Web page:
"Cashtration” or “cashstration” (cash + castration) is a jocular portmanteau term that combines money (or the lack of it) and impotence. The term “cashtration” appeared on alt.sex.strip-clubs in 1997.
A popular email about an alleged contest of the “Washington Post’s Mensa invitational” was circulated in 1988 and contained this winning term:
“Cashtration (n.): The act of buying a house, which renders the subject financially impotent for an indefinite period of time.”
The word “cashtration” had appeared only infrequently since 1998, but “Cashtration: As Goes Greece, So Goes The World” was the title of an article on a financial blog in July 2015.
Blend of cash and castration.
1. (slang, humorous) The loss or lack of money.
Google Groups: alt.sex.strip-clubs
ASSC.How to be a dancer’s favorite
>No need to cashtrate yourself if you can help it. hmmmm… i hear a ASSC term in the coining! oh lord - cashtration! hits far too close!!!!! well done!
Puns; Word plays; Other Nonsense and Foolishness; Humor; Jokes; Good Clean Fun - Volume 5
Page created: 27 February 1998.
Now some made-up words with their definitions: [also from the Washington Post’s “Mensa” contest.]
1. Cashtration (n.): The act of buying a house, which renders the subject financially impotent for an indefinite period of time.
Google Groups: alt.tasteless.jokes
cashtration, n: The act of buying a house, which renders the subject financially impotent for an indefinite period.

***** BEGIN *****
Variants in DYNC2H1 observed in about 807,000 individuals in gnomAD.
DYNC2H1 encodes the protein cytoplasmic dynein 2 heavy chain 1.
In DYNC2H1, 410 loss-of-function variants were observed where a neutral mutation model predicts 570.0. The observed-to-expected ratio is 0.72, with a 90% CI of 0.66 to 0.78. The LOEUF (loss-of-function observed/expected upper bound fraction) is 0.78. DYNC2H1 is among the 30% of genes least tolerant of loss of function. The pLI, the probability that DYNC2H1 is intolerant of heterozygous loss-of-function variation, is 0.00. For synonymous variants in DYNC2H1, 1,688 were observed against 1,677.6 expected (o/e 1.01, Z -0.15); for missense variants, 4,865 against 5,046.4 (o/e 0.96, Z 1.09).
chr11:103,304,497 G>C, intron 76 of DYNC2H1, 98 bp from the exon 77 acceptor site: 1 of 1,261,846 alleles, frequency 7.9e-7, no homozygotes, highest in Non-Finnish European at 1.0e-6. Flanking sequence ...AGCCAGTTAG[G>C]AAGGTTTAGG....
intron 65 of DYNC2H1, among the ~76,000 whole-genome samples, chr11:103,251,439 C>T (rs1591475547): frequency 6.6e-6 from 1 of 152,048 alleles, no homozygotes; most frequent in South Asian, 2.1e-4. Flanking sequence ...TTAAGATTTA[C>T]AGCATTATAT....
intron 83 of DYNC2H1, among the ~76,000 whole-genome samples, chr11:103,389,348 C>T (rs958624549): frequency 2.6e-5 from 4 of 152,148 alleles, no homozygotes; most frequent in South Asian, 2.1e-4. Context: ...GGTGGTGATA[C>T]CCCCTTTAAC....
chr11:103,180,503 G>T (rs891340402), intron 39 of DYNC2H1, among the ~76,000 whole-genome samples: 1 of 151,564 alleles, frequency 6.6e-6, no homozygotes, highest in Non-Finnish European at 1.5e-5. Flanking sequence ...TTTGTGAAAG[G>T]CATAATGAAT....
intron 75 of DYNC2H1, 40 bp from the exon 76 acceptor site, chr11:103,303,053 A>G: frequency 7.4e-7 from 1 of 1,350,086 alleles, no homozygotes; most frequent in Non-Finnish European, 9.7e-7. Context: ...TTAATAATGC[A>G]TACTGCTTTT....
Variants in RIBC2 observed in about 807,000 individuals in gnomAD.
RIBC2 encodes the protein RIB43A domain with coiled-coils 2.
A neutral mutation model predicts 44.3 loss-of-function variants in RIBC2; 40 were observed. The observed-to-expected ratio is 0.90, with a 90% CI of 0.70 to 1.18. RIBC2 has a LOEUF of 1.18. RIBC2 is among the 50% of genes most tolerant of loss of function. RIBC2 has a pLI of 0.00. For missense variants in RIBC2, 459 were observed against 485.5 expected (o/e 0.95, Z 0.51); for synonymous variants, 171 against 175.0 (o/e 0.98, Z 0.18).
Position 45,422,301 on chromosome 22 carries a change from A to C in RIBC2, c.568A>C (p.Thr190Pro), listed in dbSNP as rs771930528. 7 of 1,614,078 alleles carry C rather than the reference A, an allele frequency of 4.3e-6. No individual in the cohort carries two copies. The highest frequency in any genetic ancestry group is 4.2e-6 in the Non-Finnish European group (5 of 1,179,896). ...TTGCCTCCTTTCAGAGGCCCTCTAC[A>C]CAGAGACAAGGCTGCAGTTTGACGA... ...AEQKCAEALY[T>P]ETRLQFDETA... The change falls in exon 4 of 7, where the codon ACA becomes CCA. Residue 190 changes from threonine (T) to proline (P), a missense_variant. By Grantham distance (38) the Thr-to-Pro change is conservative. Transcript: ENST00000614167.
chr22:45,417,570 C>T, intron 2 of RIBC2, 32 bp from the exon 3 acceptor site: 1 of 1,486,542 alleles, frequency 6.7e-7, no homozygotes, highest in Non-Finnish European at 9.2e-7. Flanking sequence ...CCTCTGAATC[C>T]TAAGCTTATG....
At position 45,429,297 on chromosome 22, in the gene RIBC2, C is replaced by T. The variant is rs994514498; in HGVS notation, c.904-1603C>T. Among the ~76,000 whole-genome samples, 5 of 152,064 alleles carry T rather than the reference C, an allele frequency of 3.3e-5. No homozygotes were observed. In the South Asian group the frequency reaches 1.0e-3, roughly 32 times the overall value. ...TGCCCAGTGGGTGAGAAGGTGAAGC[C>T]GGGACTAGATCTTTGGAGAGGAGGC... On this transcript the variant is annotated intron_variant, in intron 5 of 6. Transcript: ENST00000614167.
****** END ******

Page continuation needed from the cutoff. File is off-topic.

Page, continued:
Google Groups: rec.arts.sf.written
181 Bad Reviews - Battlefield Earth heads for cashtration
Google Groups: alt.books.m-lackey
The Washington Post’s Style Invitational once again asked readers to take any word from the dictionary, alter it by adding, subtracting, or changing one letter, and supply a new definition. Here are the 2003 winners:
5. Cashtration (n.): The act of buying a house, which renders the subject financially impotent for an indefinite period.
Cashtration: As Goes Greece, So Goes The World
Submitted by Tyler Durden on 07/13/2015 17:30 -0400
Submitted by Jeff Thomas via Doug Casey’s International Man blog,
Recently, we’ve witnessed the bank holiday in Greece, the limitation as to how much the Greek people can withdraw from their accounts each day.
Not surprisingly, the mainstream press have focused on images such as the one above - a queue at an ATM - and discussed the difficulty of the Greek people in trying to run their lives on the €50-€60 that they’re allowed to withdraw each day.